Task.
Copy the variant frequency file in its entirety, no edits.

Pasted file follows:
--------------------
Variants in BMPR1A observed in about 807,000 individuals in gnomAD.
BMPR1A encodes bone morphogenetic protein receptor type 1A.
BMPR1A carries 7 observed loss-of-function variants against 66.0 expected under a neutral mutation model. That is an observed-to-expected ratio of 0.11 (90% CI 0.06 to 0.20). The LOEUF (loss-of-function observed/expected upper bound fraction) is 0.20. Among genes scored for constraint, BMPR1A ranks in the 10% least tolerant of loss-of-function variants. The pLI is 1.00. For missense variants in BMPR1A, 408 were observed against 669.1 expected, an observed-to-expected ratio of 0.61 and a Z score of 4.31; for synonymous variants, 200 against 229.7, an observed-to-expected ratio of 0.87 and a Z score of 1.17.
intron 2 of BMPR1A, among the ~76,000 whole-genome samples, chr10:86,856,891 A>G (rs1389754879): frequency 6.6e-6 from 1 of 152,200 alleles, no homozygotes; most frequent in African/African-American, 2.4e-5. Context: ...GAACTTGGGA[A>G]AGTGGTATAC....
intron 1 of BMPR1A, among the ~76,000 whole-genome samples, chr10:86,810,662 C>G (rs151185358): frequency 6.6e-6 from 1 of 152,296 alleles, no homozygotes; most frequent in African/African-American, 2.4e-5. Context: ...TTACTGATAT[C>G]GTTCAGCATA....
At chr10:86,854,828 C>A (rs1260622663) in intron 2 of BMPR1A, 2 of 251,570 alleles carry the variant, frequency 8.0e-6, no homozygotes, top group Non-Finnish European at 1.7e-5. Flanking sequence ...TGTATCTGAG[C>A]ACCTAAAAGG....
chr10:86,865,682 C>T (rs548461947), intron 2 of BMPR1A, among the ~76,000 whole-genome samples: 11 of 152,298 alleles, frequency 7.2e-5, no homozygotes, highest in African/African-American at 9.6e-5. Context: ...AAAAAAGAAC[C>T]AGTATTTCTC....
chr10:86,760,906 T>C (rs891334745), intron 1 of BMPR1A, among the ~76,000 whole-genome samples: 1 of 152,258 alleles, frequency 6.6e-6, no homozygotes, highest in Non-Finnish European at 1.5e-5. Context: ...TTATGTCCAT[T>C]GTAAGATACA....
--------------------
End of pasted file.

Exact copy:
Variants in BMPR1A observed in about 807,000 individuals in gnomAD.
BMPR1A encodes bone morphogenetic protein receptor type 1A.
BMPR1A carries 7 observed loss-of-function variants against 66.0 expected under a neutral mutation model. That is an observed-to-expected ratio of 0.11 (90% CI 0.06 to 0.20). The LOEUF (loss-of-function observed/expected upper bound fraction) is 0.20. Among genes scored for constraint, BMPR1A ranks in the 10% least tolerant of loss-of-function variants. The pLI is 1.00. For missense variants in BMPR1A, 408 were observed against 669.1 expected, an observed-to-expected ratio of 0.61 and a Z score of 4.31; for synonymous variants, 200 against 229.7, an observed-to-expected ratio of 0.87 and a Z score of 1.17.
intron 2 of BMPR1A, among the ~76,000 whole-genome samples, chr10:86,856,891 A>G (rs1389754879): frequency 6.6e-6 from 1 of 152,200 alleles, no homozygotes; most frequent in African/African-American, 2.4e-5. Context: ...GAACTTGGGA[A>G]AGTGGTATAC....
intron 1 of BMPR1A, among the ~76,000 whole-genome samples, chr10:86,810,662 C>G (rs151185358): frequency 6.6e-6 from 1 of 152,296 alleles, no homozygotes; most frequent in African/African-American, 2.4e-5. Context: ...TTACTGATAT[C>G]GTTCAGCATA....
At chr10:86,854,828 C>A (rs1260622663) in intron 2 of BMPR1A, 2 of 251,570 alleles carry the variant, frequency 8.0e-6, no homozygotes, top group Non-Finnish European at 1.7e-5. Flanking sequence ...TGTATCTGAG[C>A]ACCTAAAAGG....
chr10:86,865,682 C>T (rs548461947), intron 2 of BMPR1A, among the ~76,000 whole-genome samples: 11 of 152,298 alleles, frequency 7.2e-5, no homozygotes, highest in African/African-American at 9.6e-5. Context: ...AAAAAAGAAC[C>T]AGTATTTCTC....
chr10:86,760,906 T>C (rs891334745), intron 1 of BMPR1A, among the ~76,000 whole-genome samples: 1 of 152,258 alleles, frequency 6.6e-6, no homozygotes, highest in Non-Finnish European at 1.5e-5. Context: ...TTATGTCCAT[T>C]GTAAGATACA....